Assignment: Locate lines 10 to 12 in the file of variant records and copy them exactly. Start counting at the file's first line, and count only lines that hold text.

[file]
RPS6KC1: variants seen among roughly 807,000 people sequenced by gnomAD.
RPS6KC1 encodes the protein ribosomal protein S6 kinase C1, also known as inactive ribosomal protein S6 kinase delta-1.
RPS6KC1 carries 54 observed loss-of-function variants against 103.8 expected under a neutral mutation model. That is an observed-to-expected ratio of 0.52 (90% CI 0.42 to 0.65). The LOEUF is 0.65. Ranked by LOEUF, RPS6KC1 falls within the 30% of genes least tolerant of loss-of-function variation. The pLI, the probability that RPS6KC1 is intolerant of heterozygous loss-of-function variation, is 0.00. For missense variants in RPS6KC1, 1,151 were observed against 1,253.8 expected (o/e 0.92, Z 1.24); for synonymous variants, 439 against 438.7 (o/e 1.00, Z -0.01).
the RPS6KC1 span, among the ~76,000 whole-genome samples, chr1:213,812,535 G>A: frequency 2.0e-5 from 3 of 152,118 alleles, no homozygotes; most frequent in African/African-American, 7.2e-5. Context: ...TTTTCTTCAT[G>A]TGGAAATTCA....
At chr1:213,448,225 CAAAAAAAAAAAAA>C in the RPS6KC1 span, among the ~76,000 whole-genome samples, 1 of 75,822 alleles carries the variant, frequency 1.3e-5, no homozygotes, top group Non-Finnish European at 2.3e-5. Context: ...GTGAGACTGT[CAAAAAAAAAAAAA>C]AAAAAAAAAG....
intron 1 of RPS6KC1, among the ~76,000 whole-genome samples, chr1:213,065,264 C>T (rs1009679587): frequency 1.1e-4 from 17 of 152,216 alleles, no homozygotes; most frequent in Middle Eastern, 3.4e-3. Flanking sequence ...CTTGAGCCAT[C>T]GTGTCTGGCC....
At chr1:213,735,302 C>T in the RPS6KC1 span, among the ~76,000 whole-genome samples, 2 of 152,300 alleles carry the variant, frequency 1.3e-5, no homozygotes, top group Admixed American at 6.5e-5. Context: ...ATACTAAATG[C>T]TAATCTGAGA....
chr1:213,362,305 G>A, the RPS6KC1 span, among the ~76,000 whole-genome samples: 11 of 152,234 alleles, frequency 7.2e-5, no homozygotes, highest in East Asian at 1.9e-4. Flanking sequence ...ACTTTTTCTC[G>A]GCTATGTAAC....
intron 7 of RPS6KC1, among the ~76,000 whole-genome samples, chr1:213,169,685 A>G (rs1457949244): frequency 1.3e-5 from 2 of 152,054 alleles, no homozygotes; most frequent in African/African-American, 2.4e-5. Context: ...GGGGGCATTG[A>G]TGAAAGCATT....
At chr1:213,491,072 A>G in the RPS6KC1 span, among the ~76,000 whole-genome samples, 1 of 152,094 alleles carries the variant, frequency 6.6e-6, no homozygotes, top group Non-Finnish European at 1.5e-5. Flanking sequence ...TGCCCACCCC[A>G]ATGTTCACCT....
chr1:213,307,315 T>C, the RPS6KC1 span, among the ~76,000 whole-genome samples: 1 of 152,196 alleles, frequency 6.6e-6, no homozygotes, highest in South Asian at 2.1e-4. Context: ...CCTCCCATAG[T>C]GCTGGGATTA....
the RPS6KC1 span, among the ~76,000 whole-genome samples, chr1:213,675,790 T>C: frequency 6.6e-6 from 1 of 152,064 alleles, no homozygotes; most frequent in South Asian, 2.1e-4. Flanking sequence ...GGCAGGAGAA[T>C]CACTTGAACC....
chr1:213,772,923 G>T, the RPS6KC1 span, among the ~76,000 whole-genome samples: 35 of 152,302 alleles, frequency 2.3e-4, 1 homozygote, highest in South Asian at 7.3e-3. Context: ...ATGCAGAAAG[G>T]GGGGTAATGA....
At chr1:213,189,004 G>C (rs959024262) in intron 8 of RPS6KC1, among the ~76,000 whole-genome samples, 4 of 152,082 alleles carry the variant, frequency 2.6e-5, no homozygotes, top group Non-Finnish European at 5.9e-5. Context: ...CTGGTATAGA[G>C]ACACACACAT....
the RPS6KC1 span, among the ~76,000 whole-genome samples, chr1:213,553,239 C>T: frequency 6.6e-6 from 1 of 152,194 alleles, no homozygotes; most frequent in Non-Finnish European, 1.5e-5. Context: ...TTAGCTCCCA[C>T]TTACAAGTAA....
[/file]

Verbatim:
At chr1:213,491,072 A>G in the RPS6KC1 span, among the ~76,000 whole-genome samples, 1 of 152,094 alleles carries the variant, frequency 6.6e-6, no homozygotes, top group Non-Finnish European at 1.5e-5. Flanking sequence ...TGCCCACCCC[A>G]ATGTTCACCT....
chr1:213,307,315 T>C, the RPS6KC1 span, among the ~76,000 whole-genome samples: 1 of 152,196 alleles, frequency 6.6e-6, no homozygotes, highest in South Asian at 2.1e-4. Context: ...CCTCCCATAG[T>C]GCTGGGATTA....
the RPS6KC1 span, among the ~76,000 whole-genome samples, chr1:213,675,790 T>C: frequency 6.6e-6 from 1 of 152,064 alleles, no homozygotes; most frequent in South Asian, 2.1e-4. Flanking sequence ...GGCAGGAGAA[T>C]CACTTGAACC....